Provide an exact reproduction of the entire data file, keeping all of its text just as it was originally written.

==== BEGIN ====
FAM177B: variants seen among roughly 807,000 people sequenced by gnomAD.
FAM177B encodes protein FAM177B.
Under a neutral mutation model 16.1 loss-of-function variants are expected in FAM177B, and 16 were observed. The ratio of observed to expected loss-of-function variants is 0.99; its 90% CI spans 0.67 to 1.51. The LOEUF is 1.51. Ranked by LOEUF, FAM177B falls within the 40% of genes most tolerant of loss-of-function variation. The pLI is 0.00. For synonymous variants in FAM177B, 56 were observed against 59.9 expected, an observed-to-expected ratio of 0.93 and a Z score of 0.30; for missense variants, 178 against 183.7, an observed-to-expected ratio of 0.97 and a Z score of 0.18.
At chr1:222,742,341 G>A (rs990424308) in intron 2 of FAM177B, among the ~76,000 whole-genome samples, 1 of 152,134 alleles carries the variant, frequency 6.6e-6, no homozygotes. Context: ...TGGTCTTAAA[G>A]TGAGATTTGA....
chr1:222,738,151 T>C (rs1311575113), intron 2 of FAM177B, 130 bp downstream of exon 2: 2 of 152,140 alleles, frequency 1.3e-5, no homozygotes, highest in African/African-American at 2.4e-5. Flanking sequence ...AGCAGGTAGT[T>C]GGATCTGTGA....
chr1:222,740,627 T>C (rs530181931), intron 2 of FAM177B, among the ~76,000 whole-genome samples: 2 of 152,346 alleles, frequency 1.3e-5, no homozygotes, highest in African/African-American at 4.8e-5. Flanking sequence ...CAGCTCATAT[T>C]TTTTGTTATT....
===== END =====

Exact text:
FAM177B: variants seen among roughly 807,000 people sequenced by gnomAD.
FAM177B encodes protein FAM177B.
Under a neutral mutation model 16.1 loss-of-function variants are expected in FAM177B, and 16 were observed. The ratio of observed to expected loss-of-function variants is 0.99; its 90% CI spans 0.67 to 1.51. The LOEUF is 1.51. Ranked by LOEUF, FAM177B falls within the 40% of genes most tolerant of loss-of-function variation. The pLI is 0.00. For synonymous variants in FAM177B, 56 were observed against 59.9 expected, an observed-to-expected ratio of 0.93 and a Z score of 0.30; for missense variants, 178 against 183.7, an observed-to-expected ratio of 0.97 and a Z score of 0.18.
At chr1:222,742,341 G>A (rs990424308) in intron 2 of FAM177B, among the ~76,000 whole-genome samples, 1 of 152,134 alleles carries the variant, frequency 6.6e-6, no homozygotes. Context: ...TGGTCTTAAA[G>A]TGAGATTTGA....
chr1:222,738,151 T>C (rs1311575113), intron 2 of FAM177B, 130 bp downstream of exon 2: 2 of 152,140 alleles, frequency 1.3e-5, no homozygotes, highest in African/African-American at 2.4e-5. Flanking sequence ...AGCAGGTAGT[T>C]GGATCTGTGA....
chr1:222,740,627 T>C (rs530181931), intron 2 of FAM177B, among the ~76,000 whole-genome samples: 2 of 152,346 alleles, frequency 1.3e-5, no homozygotes, highest in African/African-American at 4.8e-5. Flanking sequence ...CAGCTCATAT[T>C]TTTTGTTATT....